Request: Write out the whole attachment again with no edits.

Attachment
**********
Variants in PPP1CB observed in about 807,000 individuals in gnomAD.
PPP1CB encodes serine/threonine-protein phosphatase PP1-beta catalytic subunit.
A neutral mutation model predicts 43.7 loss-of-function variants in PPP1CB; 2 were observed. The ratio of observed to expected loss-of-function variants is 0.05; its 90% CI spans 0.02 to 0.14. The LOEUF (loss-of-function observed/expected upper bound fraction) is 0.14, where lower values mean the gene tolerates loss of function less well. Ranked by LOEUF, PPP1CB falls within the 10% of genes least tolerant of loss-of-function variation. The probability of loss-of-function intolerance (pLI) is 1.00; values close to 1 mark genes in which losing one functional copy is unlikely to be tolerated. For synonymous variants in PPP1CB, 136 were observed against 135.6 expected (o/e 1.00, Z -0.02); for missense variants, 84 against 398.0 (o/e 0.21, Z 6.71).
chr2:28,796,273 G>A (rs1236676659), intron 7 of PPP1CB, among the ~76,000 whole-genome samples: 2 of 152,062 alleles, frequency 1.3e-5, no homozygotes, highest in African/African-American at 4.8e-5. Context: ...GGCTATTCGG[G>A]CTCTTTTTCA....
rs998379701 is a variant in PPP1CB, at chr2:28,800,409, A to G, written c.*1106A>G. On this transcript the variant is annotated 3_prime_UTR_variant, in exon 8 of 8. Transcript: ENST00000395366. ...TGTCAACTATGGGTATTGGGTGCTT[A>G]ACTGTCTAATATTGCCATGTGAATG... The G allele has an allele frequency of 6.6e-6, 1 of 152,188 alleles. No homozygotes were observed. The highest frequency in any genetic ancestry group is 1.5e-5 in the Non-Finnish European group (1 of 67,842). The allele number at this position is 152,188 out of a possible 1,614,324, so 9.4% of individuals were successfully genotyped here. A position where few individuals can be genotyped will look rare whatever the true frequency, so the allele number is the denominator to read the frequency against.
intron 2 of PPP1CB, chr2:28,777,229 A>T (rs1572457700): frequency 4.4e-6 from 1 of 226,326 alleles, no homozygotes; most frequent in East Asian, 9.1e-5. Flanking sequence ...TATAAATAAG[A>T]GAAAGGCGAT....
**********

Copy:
Variants in PPP1CB observed in about 807,000 individuals in gnomAD.
PPP1CB encodes serine/threonine-protein phosphatase PP1-beta catalytic subunit.
A neutral mutation model predicts 43.7 loss-of-function variants in PPP1CB; 2 were observed. The ratio of observed to expected loss-of-function variants is 0.05; its 90% CI spans 0.02 to 0.14. The LOEUF (loss-of-function observed/expected upper bound fraction) is 0.14, where lower values mean the gene tolerates loss of function less well. Ranked by LOEUF, PPP1CB falls within the 10% of genes least tolerant of loss-of-function variation. The probability of loss-of-function intolerance (pLI) is 1.00; values close to 1 mark genes in which losing one functional copy is unlikely to be tolerated. For synonymous variants in PPP1CB, 136 were observed against 135.6 expected (o/e 1.00, Z -0.02); for missense variants, 84 against 398.0 (o/e 0.21, Z 6.71).
chr2:28,796,273 G>A (rs1236676659), intron 7 of PPP1CB, among the ~76,000 whole-genome samples: 2 of 152,062 alleles, frequency 1.3e-5, no homozygotes, highest in African/African-American at 4.8e-5. Context: ...GGCTATTCGG[G>A]CTCTTTTTCA....
rs998379701 is a variant in PPP1CB, at chr2:28,800,409, A to G, written c.*1106A>G. On this transcript the variant is annotated 3_prime_UTR_variant, in exon 8 of 8. Transcript: ENST00000395366. ...TGTCAACTATGGGTATTGGGTGCTT[A>G]ACTGTCTAATATTGCCATGTGAATG... The G allele has an allele frequency of 6.6e-6, 1 of 152,188 alleles. No homozygotes were observed. The highest frequency in any genetic ancestry group is 1.5e-5 in the Non-Finnish European group (1 of 67,842). The allele number at this position is 152,188 out of a possible 1,614,324, so 9.4% of individuals were successfully genotyped here. A position where few individuals can be genotyped will look rare whatever the true frequency, so the allele number is the denominator to read the frequency against.
intron 2 of PPP1CB, chr2:28,777,229 A>T (rs1572457700): frequency 4.4e-6 from 1 of 226,326 alleles, no homozygotes; most frequent in East Asian, 9.1e-5. Flanking sequence ...TATAAATAAG[A>T]GAAAGGCGAT....